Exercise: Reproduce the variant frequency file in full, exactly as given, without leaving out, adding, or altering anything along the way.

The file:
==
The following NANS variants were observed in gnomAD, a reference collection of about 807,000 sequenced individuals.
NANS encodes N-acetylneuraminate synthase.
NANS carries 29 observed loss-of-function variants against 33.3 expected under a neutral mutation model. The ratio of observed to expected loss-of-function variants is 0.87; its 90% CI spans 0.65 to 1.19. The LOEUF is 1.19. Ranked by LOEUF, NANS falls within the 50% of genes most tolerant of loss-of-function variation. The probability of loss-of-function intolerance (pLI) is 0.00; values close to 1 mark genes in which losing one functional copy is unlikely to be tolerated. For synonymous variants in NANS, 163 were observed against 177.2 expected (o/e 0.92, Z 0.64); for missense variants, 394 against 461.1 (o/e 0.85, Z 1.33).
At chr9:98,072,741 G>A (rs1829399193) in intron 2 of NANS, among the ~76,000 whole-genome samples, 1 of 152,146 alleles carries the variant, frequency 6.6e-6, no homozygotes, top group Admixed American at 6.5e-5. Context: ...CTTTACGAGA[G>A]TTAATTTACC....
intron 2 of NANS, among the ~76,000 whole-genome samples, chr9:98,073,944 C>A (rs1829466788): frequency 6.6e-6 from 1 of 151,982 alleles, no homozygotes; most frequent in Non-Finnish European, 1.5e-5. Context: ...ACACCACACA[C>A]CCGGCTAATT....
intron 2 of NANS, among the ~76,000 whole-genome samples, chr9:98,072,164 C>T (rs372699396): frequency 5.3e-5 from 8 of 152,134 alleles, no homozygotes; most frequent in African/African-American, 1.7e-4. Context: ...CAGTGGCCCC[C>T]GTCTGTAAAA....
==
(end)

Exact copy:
The following NANS variants were observed in gnomAD, a reference collection of about 807,000 sequenced individuals.
NANS encodes N-acetylneuraminate synthase.
NANS carries 29 observed loss-of-function variants against 33.3 expected under a neutral mutation model. The ratio of observed to expected loss-of-function variants is 0.87; its 90% CI spans 0.65 to 1.19. The LOEUF is 1.19. Ranked by LOEUF, NANS falls within the 50% of genes most tolerant of loss-of-function variation. The probability of loss-of-function intolerance (pLI) is 0.00; values close to 1 mark genes in which losing one functional copy is unlikely to be tolerated. For synonymous variants in NANS, 163 were observed against 177.2 expected (o/e 0.92, Z 0.64); for missense variants, 394 against 461.1 (o/e 0.85, Z 1.33).
At chr9:98,072,741 G>A (rs1829399193) in intron 2 of NANS, among the ~76,000 whole-genome samples, 1 of 152,146 alleles carries the variant, frequency 6.6e-6, no homozygotes, top group Admixed American at 6.5e-5. Context: ...CTTTACGAGA[G>A]TTAATTTACC....
intron 2 of NANS, among the ~76,000 whole-genome samples, chr9:98,073,944 C>A (rs1829466788): frequency 6.6e-6 from 1 of 151,982 alleles, no homozygotes; most frequent in Non-Finnish European, 1.5e-5. Context: ...ACACCACACA[C>A]CCGGCTAATT....
intron 2 of NANS, among the ~76,000 whole-genome samples, chr9:98,072,164 C>T (rs372699396): frequency 5.3e-5 from 8 of 152,134 alleles, no homozygotes; most frequent in African/African-American, 1.7e-4. Context: ...CAGTGGCCCC[C>T]GTCTGTAAAA....